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|Quote Chapter 51
Written by Carolyn
(6/15/2007 11:36 p.m.)
Lydia is really annoying in this chapter. She is totally oblivious to the unhappiness and turmoil she caused her family. The cold reception of her father and elder sisters means nothing as she "never heard nor saw anything of which she chose to be insensible".
Her recitation of her stay at the Gardiners, shows what an empty headed brat she is.
you are to understand that my uncle and aunt were horrid unpleasant all the time I was with them. If you'll believe me, I did not once put my foot out of doors, though I was there a fortnight. Not one party, or scheme, or anything! To be sure, London was rather thin; but, however, the Little Theatre was open.
And I like how JA re-inforces Lydia's bad behavior in her letter to Elizabeth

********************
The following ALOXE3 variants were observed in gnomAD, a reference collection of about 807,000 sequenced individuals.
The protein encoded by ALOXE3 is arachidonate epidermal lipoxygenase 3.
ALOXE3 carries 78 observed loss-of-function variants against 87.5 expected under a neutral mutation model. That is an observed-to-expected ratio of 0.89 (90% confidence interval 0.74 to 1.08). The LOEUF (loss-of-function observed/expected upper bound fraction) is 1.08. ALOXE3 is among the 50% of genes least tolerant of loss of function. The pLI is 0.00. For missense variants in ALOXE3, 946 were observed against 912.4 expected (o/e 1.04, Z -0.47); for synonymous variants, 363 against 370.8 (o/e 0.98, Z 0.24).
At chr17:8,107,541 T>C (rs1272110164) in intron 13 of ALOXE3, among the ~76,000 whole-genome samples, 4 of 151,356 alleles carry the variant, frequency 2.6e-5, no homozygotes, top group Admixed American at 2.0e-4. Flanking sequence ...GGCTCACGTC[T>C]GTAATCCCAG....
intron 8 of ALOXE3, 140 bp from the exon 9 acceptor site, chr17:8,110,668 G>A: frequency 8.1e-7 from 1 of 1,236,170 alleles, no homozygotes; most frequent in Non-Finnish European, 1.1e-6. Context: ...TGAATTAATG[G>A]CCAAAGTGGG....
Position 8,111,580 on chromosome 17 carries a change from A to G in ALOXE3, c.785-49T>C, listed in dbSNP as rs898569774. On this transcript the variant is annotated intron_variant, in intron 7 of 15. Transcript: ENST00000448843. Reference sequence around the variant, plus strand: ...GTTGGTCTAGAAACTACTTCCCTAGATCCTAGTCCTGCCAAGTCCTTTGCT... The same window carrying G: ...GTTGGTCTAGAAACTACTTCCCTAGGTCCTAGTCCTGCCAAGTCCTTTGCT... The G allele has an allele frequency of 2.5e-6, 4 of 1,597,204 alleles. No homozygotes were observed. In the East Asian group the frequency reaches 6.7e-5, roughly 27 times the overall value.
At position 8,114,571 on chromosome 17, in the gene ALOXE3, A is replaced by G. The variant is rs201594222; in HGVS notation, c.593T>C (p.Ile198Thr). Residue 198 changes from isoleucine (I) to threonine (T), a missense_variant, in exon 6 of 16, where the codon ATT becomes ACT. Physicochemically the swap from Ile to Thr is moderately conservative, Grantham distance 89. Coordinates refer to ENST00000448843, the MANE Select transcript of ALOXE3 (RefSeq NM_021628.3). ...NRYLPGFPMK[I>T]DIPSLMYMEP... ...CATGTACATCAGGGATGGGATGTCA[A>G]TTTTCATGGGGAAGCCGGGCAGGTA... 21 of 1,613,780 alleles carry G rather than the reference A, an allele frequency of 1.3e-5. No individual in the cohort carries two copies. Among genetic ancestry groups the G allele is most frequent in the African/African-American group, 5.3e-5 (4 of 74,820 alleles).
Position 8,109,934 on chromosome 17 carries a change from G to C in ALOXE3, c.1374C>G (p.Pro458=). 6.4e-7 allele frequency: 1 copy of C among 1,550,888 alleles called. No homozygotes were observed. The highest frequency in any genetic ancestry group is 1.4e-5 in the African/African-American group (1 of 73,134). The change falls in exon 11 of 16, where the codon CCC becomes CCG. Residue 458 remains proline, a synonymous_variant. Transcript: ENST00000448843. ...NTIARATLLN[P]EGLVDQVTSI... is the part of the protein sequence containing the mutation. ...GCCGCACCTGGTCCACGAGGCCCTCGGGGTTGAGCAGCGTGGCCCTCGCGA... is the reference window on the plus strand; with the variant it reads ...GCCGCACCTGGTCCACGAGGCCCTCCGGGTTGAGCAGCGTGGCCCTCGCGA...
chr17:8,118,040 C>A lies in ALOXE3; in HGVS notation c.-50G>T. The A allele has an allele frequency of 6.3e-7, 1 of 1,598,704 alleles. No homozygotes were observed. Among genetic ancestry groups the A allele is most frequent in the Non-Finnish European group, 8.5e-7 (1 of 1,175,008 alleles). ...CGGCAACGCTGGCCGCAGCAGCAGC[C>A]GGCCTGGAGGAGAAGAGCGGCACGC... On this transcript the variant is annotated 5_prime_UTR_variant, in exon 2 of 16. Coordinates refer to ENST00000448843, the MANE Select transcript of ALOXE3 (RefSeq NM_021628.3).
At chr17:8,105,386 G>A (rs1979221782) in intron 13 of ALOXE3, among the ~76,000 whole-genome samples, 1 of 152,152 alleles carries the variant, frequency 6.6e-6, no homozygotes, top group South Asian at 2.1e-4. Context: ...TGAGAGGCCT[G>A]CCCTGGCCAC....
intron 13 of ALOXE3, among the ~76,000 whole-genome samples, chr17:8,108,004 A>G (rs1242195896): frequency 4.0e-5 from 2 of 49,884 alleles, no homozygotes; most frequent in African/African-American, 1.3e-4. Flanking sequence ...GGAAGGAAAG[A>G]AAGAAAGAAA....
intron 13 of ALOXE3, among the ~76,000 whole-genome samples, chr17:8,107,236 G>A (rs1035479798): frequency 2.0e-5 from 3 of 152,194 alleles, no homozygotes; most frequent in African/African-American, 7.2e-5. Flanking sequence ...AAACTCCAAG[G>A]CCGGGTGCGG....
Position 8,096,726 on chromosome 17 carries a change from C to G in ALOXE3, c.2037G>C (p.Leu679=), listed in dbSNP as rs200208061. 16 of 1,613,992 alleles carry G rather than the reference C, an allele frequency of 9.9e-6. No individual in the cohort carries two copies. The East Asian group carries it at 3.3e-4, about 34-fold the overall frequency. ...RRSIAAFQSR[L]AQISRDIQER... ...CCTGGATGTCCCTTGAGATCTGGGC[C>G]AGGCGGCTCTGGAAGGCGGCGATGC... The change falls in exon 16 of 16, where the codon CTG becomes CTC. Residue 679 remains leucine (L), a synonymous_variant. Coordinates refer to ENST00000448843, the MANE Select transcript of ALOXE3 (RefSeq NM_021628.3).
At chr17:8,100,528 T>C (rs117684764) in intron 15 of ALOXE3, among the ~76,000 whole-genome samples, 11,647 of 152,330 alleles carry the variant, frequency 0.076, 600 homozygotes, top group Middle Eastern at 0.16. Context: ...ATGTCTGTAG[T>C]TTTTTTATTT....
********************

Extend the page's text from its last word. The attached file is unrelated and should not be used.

And there was my aunt, all the time I was dressing, preaching and talking away just as if she was reading a sermon. However, I did not hear above one word in ten, for I was thinking, you may suppose, of my dear Wickham. I longed to know whether he would be married in his blue coat.
but I would not tell you how little I was satisfied with her behaviour while she staid with us, if I had not perceived, by Jane's letter last Wednesday, that her conduct on coming home was exactly of a piece with it, and therefore what I now tell you can give you no fresh pain. I talked to her repeatedly in the most serious manner, representing to her all the wickedness of what she had done and all the unhappiness she had brought on her family. If she heard me, it was by good luck, for I am sure she did not listen. I was sometimes quite provoked, chap 52
I say Mrs G has the right to be provoked.
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